Food writer Jeanette Hurt covers the Wisconsin cheese industry and occasionally visits the Lake Effect studio to offer some suggestions for your next get-together or even your next grilled cheese sandwich.
Hurt suspects that 2018 will be a big year for artisan and flavored cheese. "Not cheddar or colby, but the really good cheeses," she says. "The one's that have really interesting flavors."
Specialty cheese production in Wisconsin increased by seven percent last year, Hurt says, and will more than likely continue to grow.
Helping to supply the demand for specialty cheese, she says, is the rise of the cheese plate. "There were more than 200,000 photos of cheese plates, especially by Millenials, last year. And they expect this trend to grow."
Hurt discusses other cheese trends for the new year, such as cheese and whiskey pairings, and brought along a handful of cheeses to try:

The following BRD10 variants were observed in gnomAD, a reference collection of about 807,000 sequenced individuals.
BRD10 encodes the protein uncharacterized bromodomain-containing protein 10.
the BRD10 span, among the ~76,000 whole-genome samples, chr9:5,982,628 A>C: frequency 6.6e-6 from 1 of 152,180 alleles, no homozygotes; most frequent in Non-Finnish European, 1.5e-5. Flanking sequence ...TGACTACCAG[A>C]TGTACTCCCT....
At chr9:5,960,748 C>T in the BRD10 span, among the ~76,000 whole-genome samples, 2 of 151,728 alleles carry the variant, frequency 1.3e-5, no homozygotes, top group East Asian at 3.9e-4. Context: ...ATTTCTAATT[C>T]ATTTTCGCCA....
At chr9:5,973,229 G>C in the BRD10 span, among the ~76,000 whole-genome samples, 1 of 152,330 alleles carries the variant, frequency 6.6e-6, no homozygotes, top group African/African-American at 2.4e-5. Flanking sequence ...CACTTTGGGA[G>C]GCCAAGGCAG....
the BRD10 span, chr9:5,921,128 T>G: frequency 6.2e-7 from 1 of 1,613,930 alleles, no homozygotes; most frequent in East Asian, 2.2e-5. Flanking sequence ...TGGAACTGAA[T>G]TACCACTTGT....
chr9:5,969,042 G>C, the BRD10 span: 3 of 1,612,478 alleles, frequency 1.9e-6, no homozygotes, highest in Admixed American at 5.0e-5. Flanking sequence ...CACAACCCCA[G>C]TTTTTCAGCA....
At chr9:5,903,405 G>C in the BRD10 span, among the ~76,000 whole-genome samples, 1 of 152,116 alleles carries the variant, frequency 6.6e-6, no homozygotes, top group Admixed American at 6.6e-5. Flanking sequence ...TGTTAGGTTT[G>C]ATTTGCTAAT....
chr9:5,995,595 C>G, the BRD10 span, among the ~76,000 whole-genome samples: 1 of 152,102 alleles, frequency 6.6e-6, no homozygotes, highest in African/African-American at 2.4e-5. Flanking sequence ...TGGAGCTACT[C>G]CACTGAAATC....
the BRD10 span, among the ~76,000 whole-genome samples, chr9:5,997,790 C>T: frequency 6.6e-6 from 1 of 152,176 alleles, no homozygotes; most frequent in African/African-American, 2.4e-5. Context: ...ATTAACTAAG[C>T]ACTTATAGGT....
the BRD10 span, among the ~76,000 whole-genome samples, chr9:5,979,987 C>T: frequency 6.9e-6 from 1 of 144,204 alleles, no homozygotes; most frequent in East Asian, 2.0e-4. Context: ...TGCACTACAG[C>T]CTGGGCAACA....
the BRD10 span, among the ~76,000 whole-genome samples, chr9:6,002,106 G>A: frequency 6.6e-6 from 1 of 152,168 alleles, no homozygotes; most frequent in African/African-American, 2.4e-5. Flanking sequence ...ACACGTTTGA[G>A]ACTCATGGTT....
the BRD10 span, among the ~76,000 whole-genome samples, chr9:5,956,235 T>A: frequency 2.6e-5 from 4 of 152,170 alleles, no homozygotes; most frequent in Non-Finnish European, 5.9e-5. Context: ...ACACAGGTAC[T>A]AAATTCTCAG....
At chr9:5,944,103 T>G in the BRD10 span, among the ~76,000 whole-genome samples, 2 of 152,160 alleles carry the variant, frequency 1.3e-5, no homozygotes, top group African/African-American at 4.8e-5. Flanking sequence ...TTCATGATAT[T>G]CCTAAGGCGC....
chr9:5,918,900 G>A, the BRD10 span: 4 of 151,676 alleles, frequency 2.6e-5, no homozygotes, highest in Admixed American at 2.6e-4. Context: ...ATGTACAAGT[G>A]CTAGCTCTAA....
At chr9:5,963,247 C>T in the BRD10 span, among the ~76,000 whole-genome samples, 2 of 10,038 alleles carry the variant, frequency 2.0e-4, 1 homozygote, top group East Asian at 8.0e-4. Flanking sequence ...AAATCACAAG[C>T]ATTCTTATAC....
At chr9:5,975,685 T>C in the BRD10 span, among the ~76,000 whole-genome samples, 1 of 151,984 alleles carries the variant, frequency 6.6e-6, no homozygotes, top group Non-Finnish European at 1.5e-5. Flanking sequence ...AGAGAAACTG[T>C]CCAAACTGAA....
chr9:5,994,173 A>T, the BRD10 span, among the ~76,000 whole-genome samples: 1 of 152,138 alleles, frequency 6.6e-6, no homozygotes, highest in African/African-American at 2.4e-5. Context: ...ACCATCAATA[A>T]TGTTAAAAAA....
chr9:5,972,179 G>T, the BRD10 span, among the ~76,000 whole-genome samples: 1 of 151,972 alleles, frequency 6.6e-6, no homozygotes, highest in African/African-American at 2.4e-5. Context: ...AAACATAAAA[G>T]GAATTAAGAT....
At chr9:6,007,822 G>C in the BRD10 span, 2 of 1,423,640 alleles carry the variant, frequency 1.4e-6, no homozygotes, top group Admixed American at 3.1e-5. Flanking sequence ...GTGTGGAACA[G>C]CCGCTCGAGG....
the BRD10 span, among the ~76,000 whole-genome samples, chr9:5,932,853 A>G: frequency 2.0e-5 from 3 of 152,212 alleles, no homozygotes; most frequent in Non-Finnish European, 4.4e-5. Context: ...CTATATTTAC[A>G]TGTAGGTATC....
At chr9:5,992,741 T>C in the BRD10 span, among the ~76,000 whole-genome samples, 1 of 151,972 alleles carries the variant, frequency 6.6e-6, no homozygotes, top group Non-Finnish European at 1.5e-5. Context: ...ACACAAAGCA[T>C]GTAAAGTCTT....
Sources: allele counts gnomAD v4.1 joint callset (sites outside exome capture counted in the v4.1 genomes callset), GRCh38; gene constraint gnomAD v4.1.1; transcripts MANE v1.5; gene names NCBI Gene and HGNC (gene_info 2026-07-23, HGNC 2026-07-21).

Here are Jeanette Hurt's latest cheese recommendations:
The Blue Jay from Deer Creek Cheese: A Wisconsin cream blue cheese made with juniper berries, "it's a lovely cheese...You don't think of blue cheese as being flavored, but the juniper really compliments the blue." Hurt recommends using this cheese to garnish cocktails, such as stuffing olives to put in a gin martini. She says it is also a good addition to salad or spread over rye toast and crackers with honey to "compliment the sharpness."
Premium gouda from Marieke Gouda: Aged 12-18 months, "it's stronger than the typical gouda, but it's still mild, nutty, but it's going to have more of an enhanced flavor."
Tall Grass Reserve from Landmark Creamery: Cave aged with paprika and olive oil, the cheese is "definitely stronger. This would go really well in a grilled cheese sandwich melted with a sweet jam to contrast its earthiness."
Cave Aged Bandaged Cheddar from Blue Mont Dairy: "It smells like a cave and it's not cheddar like we think of in Wisconsin typically - they are more traditional in England."